The Wall Street Journal Blog "Mean Street" was out with this yesterday It's Time To Enshrine Hank Paulson as National Hero . Hmmm. Have a read. The actual piece isn't nearly as dramatic as the title, except at the end where Mr. Newmark says, "If something works, it works. Just give credit where it’s due. And that would be with Hank Paulson, national hero." Personally, I think that had Paulson truly understood the magnitude of what was happening during the latter half of 2007 and throughout 2008, the complete collapse that Paulson and Bernanke averted in October 2008, may not have gone down the way it did.
Let me be clear on one big point. The credit disaster that started in residential mortgages and the chain reaction that took down (or is in the process of taking down) commercial mortgages, corporate loans and emerging market debt, was fully baked in the cake by the end of 2006. Probably sooner. The bonds were bad and the financial system and investors were very highly levered. The sucker was going to blow when in late 2006 subprime loans started going delinquent and then defaulting about 3 months from origination! The Street tried to put the loans back to the titans of subprime finance like Ameriquest and New Century and those institutions showed what they were.....machines cranking out horrible loans to feed the Street's securitization factory, with little to no capital. Boom! All the dominoes started to fall. Liquidity and risk license were violently pulled across all structured credit product and you know the rest of the story. Paulson got to Treasury in mid-2006. I think you have to be fair to him that by the time he figured out where the men's room was at Treasury, there wasn't much to do to stop the explosion.
However, I think it's pretty apparent that Paulson underestimated what was going on throughout 2007 and was pretty oblivious to the catastrophe that was on its way for 2008. It would have helped if others in positions of power, like Tim Geithner and Ben Bernanke, had recognized the problems that could have been at least partially mitigated. However, they were no help either. Nevertheless, Hank Paulson should have, based on the fact that he came from and ran a large investment bank, known the following;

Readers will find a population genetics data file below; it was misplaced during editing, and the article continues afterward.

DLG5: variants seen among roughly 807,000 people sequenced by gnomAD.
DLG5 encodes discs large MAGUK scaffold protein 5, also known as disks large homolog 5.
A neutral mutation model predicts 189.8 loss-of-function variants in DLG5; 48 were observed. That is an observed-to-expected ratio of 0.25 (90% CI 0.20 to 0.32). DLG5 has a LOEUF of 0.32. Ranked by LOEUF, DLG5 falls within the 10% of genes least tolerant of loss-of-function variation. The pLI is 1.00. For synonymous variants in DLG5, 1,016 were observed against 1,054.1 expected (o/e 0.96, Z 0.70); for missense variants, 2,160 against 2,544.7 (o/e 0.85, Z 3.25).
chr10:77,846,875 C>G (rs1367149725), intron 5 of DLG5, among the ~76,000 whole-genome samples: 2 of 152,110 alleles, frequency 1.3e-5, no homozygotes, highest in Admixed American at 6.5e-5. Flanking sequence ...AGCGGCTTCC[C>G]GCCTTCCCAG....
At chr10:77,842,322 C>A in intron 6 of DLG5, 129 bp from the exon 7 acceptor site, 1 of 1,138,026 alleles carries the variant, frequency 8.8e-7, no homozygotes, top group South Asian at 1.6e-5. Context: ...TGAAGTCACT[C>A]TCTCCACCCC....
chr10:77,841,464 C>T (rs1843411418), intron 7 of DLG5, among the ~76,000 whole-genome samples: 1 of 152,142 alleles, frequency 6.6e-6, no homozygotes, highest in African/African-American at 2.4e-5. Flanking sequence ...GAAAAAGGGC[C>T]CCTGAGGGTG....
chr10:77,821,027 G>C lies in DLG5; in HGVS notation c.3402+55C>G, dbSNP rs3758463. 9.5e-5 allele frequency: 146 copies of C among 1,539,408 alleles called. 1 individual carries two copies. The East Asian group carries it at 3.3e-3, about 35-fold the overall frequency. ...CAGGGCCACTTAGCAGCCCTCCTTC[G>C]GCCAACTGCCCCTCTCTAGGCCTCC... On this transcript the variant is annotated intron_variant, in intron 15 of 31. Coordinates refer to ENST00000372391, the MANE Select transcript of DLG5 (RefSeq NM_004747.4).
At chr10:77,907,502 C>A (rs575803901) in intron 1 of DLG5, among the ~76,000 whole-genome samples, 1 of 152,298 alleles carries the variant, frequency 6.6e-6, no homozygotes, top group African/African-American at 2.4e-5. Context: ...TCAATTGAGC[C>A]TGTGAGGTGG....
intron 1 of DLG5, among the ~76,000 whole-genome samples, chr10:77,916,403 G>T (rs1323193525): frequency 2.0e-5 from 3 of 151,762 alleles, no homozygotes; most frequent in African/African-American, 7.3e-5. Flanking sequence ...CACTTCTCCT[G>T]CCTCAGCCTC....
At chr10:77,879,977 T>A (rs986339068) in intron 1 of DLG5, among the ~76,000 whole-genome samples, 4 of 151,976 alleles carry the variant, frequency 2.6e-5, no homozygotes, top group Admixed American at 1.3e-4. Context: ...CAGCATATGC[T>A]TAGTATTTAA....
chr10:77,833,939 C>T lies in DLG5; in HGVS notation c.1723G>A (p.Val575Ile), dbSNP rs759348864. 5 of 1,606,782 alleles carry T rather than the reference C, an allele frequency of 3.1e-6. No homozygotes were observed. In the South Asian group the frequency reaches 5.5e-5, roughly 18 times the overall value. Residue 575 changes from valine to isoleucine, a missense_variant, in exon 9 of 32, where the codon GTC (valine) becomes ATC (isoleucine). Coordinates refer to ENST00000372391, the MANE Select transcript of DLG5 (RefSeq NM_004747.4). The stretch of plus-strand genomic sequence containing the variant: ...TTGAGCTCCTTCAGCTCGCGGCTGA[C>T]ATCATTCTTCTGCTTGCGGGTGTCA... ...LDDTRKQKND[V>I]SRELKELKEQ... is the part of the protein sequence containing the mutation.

- Investment banks such as Bear Stearns, Lehman Brothers, Merrill Lynch, Goldman Sachs and Morgan Stanley had tremendous exposure to the above mentioned assets.
- Any one of these practically unregulated institutions had the ability to take the whole system down if they failed.
- All of these institutions were highly leveraged with mostly wholesale funding. They did not have access to the Fed window and had a huge presence in the commercial paper markets, thus threatening the all important money markets.
- AIG was a gigantic presence in all the structured credit markets. You wanted a guarantee on just about ANYTHING, you knew you could go to AIG. AIG was one of the great common denominators in this crisis. If you ran Goldman Sachs you have to have known that AIG was a repository of risk and they weren't exactly charging an arm and a leg for it. Anything happens to them (and lets not forget that everyone on the Street knew that AIG had been monkeying around with their capital and reserve levels as well as much of reinsurance industry for years. There was a little trial going on sending the heads of Gen Re to jail for its dealings with AIG) and Houston we have a problem.
- Like AIG, the monolines like MBIA, Ambac, FGIC, etc...were in the same systemic risk bucket as AIG.
- While we are on the subject of "guarantors of risk", Freddie and Fannie were on their way down the toilet too. You just had to do the arithmetic on a $3.5 trillion guarantor book. One-percent loss = $35 billion. Two-percent loss = $70 billion.....game over.
- The all important commercial paper markets had nearly $1 trillion of assets backed by structured securities and many of the issuers were members of our banking system, running SIVs and asset-backed commercial paper conduits. If the commercial paper investors didn't want to play anymore, somebody had to come up with nearly $1 trillion of balance sheet....fast.
Imagine if Paulson started taking action, behind the scenes as much as possible, to get the investment banks to raise more capital in early '07, improve their liquidity profiles and start slowly delevering. What if he made it known to Freddie and Fannie to immediately cease and desist guaranteeing subprime and Alt-A crap? What if he and Bernanke spotted the coming disaster in the CP markets and moved, again behind the scenes to get a facility in place to back stop the money market mutual fund market. This way if one of the investment banks went down, they could flick a switch and the MMMF's like Reserve Fund wouldn't break the buck and cause a run on the bank (which is what happened in September after Lehman went down). What if Hank paid Marty Sullivan at AIG a visit (along with the monolines) and told them their capital positions versus their risk were making him very uncomfortable. What if Hank polled the investment banks on their exposure to AIG?
I can go on and on. I can say, if you have read this blog for a while, we called a lot of this because we were in these markets and saw what was happening. Therefore, this isn't all Monday morning quarterbacking. If we knew, how come Hank didn't? Sorry, but you can't call Hank Paulson a hero in my book. There was plenty he could have done to lessen this crisis. He didn't.